Research shows that over half of all business have acquired a customer through their company blog, but for Republican Nominee Donald Trump, many can argue that his Twitter account and unique point of view is responsible for his rising, political success.
And it is exactly that outspoken point of view that many are worried about.
People are so worried, in fact, that thousands of police officers and federal agents could be seen combing the streets of Cleveland days before the event. The RNC comes at a time of heightened terrorist tensions in the days after the brutal attacks that left 84 dead in Nice, France and three cops murdered at close range in Baton Rouge.
RNC officials installed security fencing, checkpoints, and barriers around the main building and alongside key streets and intersections downtown in hopes to thwart any potential attacks of anti-Trump lobbyists. Police were stationed every few feet in full riot gear, in patrol cars, and on horseback on the roads leading to the convention.
Although the roads into Cleveland boasted signs that urged peace and caution, the RNC’s hotline for suspicious activity was plastered all throughout the city in large font.
Many are worried about Ohio’s gun laws and how they could pose danger at the convention. The largest police union in Cleveland wrote a letter to Governor John Kasich, urging him to issue an executive order suspending Ohio’s open carry laws in areas near to the convention headquarters.
A spokesperson for Kasich responded saying that the governor does not have the authority to suspend federal and state constitutional rights in this manner.
On the other hand, RNC officials do not see a cause for worry. Jeff Larson, CEO of the convention, tells The Washington Times,
“I feel good about the security plan. There are a lot of people coming here to execute their First Amendment rights, and we are going to be supportive of that. This is the United States of America, and people get a chance to do that in an orderly fashion, and when they start getting disorderly, I think the police will move in.”
Despite claims of safety, police nationwide are wary of offering their protection at the convention in fear of violent retaliation, large crowds, and chaotic protests.
Almost a third of the states — 74% — require all businesses to provide workers compensation in case their employees are hurt on the job, but due to the rising tensions between black Americans and police forces nationwide, police are taking extreme lengths to protect themselves.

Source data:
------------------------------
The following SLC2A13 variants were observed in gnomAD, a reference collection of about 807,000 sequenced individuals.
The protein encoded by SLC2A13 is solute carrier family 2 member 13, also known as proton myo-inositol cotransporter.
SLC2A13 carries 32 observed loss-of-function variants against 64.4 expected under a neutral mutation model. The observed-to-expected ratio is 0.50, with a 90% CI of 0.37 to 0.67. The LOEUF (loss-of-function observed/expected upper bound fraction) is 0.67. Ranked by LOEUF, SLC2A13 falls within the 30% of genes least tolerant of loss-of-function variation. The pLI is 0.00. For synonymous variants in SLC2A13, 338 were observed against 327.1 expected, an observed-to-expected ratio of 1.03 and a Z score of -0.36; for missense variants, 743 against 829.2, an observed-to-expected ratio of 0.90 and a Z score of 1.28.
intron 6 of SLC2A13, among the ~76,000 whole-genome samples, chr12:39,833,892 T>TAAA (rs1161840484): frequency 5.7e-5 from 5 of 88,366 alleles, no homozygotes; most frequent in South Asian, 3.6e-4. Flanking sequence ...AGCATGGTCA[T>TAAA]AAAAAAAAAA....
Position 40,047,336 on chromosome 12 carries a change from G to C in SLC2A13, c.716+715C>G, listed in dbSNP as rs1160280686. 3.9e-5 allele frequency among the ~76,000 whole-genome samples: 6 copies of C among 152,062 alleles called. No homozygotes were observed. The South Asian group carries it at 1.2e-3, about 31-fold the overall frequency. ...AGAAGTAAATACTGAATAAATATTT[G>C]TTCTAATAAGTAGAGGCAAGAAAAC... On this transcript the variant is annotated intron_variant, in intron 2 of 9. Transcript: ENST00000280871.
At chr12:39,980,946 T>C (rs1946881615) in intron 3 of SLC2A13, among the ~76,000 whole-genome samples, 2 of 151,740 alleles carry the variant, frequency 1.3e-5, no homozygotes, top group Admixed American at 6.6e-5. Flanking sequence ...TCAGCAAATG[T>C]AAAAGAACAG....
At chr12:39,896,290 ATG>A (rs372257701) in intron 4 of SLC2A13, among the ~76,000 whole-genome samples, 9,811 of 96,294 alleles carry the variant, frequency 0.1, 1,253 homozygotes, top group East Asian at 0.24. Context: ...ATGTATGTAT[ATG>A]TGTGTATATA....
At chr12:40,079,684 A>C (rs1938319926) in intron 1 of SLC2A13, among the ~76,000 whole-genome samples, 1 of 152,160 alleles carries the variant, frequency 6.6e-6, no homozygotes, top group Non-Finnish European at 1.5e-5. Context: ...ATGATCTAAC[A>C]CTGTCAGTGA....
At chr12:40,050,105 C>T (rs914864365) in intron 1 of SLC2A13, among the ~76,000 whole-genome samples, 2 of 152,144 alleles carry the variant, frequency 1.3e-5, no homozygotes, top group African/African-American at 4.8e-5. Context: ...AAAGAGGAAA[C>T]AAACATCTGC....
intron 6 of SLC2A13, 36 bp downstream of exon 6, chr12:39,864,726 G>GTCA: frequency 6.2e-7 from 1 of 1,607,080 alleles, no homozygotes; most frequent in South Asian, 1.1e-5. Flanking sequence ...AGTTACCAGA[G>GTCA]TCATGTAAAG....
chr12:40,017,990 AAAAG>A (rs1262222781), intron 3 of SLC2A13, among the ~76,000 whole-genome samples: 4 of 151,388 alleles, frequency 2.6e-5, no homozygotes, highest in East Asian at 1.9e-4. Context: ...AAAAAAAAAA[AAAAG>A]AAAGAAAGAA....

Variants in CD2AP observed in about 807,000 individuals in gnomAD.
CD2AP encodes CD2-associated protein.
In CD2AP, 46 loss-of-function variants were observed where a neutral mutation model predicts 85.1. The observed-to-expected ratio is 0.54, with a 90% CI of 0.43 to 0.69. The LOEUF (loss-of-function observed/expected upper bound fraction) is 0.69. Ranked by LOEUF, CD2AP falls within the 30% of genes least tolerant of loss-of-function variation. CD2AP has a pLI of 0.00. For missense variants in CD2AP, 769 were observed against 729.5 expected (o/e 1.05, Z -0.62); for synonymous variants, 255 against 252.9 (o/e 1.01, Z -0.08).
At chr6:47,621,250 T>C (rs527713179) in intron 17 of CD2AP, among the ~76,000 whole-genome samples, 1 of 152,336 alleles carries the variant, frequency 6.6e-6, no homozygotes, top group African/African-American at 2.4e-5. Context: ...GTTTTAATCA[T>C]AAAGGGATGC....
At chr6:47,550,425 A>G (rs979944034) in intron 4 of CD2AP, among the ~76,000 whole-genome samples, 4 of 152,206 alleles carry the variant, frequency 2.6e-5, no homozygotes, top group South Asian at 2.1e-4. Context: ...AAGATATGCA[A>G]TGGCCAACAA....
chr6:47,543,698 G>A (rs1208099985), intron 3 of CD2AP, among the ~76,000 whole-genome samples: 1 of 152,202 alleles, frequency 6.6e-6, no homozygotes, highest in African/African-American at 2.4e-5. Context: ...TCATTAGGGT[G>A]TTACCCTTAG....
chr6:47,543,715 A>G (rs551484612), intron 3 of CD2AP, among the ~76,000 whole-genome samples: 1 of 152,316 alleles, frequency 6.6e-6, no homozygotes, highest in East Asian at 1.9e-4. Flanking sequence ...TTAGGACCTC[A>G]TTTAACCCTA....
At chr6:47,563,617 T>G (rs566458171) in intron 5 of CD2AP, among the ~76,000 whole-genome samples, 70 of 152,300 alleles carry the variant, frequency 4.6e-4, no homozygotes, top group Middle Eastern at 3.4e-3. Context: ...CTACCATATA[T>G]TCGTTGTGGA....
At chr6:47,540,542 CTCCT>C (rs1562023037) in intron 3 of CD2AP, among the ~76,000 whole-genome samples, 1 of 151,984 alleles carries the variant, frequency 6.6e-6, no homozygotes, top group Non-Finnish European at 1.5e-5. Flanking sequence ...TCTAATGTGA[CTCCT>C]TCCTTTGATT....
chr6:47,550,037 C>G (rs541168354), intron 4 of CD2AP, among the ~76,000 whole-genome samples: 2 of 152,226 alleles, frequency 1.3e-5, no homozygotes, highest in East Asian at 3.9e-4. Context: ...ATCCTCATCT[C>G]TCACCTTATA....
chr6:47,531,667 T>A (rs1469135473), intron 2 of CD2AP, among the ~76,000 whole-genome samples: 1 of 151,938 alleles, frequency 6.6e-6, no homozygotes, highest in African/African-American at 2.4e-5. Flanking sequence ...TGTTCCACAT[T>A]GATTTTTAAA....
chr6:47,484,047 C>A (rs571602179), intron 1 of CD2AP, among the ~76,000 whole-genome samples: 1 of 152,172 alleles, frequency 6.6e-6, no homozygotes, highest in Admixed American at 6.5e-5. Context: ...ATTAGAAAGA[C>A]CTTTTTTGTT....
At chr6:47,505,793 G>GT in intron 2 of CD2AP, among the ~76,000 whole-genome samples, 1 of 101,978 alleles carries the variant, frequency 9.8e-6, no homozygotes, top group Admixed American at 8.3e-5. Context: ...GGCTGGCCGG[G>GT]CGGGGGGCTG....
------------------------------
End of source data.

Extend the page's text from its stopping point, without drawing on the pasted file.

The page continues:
The city of Cleveland even set aside $50 million for “protest insurance” — just in case an officer was accused of mistreating protesters or in case anyone was injured in the protest.
Nevertheless police forces in Cincinnati, OH and Greensboro, NC, started turning down requests for police officer representation in Cleveland. Citing fear and apprehension over proper liability insurance, these police forces chose not to risk attending. The city’s protest insurance was only for use by Cleveland officers, not visiting police forces.
As reported on Insurance Business America, Brian James, Greensboro Deputy Chief of Police, wrote a letter to the Cleveland force. He said,
“I was made aware of short time ago that the city of Cleveland will not provide workers’ compensation insurance for our officers should they suffer an injury during this event. In 2012, we assisted the city of Charlotte, North Carolina with the Democratic National Convention and Workers’ Compensation Insurance was provided to our officers working this event. This will cause the city of Greensboro to assume responsibility for any reported injuries for our officers serving in their normal capacity but outside of our jurisdiction.”
James also vehemently expressed his lack of confidence in the city of Cleveland’s preparedness for the RNC.
All in all, the convention was not as chaotic as originally thought. Police were being treated warmly, and the crowds were heard screaming “thank you!” to officers who walked by.
Cleveland police only had to make five arrests, three for climbing the flag pole at the Rock & Roll Hall of Fame, one for a felony warrant, and one for stealing a gas mask from a patrol vehicle.